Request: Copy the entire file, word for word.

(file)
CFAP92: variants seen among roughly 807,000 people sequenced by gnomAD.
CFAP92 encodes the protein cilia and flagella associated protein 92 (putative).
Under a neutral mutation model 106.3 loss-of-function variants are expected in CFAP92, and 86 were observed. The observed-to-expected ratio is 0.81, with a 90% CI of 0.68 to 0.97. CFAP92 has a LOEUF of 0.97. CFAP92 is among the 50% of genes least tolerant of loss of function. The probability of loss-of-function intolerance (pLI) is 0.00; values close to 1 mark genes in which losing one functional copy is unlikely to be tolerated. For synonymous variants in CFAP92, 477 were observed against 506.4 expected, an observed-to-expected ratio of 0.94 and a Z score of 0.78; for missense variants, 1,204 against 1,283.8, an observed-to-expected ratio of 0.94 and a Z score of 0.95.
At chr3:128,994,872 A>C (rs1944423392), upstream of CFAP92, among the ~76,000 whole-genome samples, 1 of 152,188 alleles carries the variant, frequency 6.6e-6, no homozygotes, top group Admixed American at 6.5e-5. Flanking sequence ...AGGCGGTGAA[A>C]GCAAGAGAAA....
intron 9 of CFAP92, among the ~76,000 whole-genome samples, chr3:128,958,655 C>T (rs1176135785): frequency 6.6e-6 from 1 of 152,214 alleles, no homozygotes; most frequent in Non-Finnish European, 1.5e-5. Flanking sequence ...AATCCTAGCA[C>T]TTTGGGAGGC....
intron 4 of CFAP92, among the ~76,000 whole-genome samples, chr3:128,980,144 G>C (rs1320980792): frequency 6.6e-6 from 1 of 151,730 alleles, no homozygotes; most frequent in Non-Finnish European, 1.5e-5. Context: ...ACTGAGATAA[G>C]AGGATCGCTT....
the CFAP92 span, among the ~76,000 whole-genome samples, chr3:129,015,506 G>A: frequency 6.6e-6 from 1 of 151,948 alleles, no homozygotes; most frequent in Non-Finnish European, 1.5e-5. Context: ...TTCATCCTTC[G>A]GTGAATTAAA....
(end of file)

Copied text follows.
CFAP92: variants seen among roughly 807,000 people sequenced by gnomAD.
CFAP92 encodes the protein cilia and flagella associated protein 92 (putative).
Under a neutral mutation model 106.3 loss-of-function variants are expected in CFAP92, and 86 were observed. The observed-to-expected ratio is 0.81, with a 90% CI of 0.68 to 0.97. CFAP92 has a LOEUF of 0.97. CFAP92 is among the 50% of genes least tolerant of loss of function. The probability of loss-of-function intolerance (pLI) is 0.00; values close to 1 mark genes in which losing one functional copy is unlikely to be tolerated. For synonymous variants in CFAP92, 477 were observed against 506.4 expected, an observed-to-expected ratio of 0.94 and a Z score of 0.78; for missense variants, 1,204 against 1,283.8, an observed-to-expected ratio of 0.94 and a Z score of 0.95.
At chr3:128,994,872 A>C (rs1944423392), upstream of CFAP92, among the ~76,000 whole-genome samples, 1 of 152,188 alleles carries the variant, frequency 6.6e-6, no homozygotes, top group Admixed American at 6.5e-5. Flanking sequence ...AGGCGGTGAA[A>C]GCAAGAGAAA....
intron 9 of CFAP92, among the ~76,000 whole-genome samples, chr3:128,958,655 C>T (rs1176135785): frequency 6.6e-6 from 1 of 152,214 alleles, no homozygotes; most frequent in Non-Finnish European, 1.5e-5. Flanking sequence ...AATCCTAGCA[C>T]TTTGGGAGGC....
intron 4 of CFAP92, among the ~76,000 whole-genome samples, chr3:128,980,144 G>C (rs1320980792): frequency 6.6e-6 from 1 of 151,730 alleles, no homozygotes; most frequent in Non-Finnish European, 1.5e-5. Context: ...ACTGAGATAA[G>C]AGGATCGCTT....
the CFAP92 span, among the ~76,000 whole-genome samples, chr3:129,015,506 G>A: frequency 6.6e-6 from 1 of 151,948 alleles, no homozygotes; most frequent in Non-Finnish European, 1.5e-5. Context: ...TTCATCCTTC[G>A]GTGAATTAAA....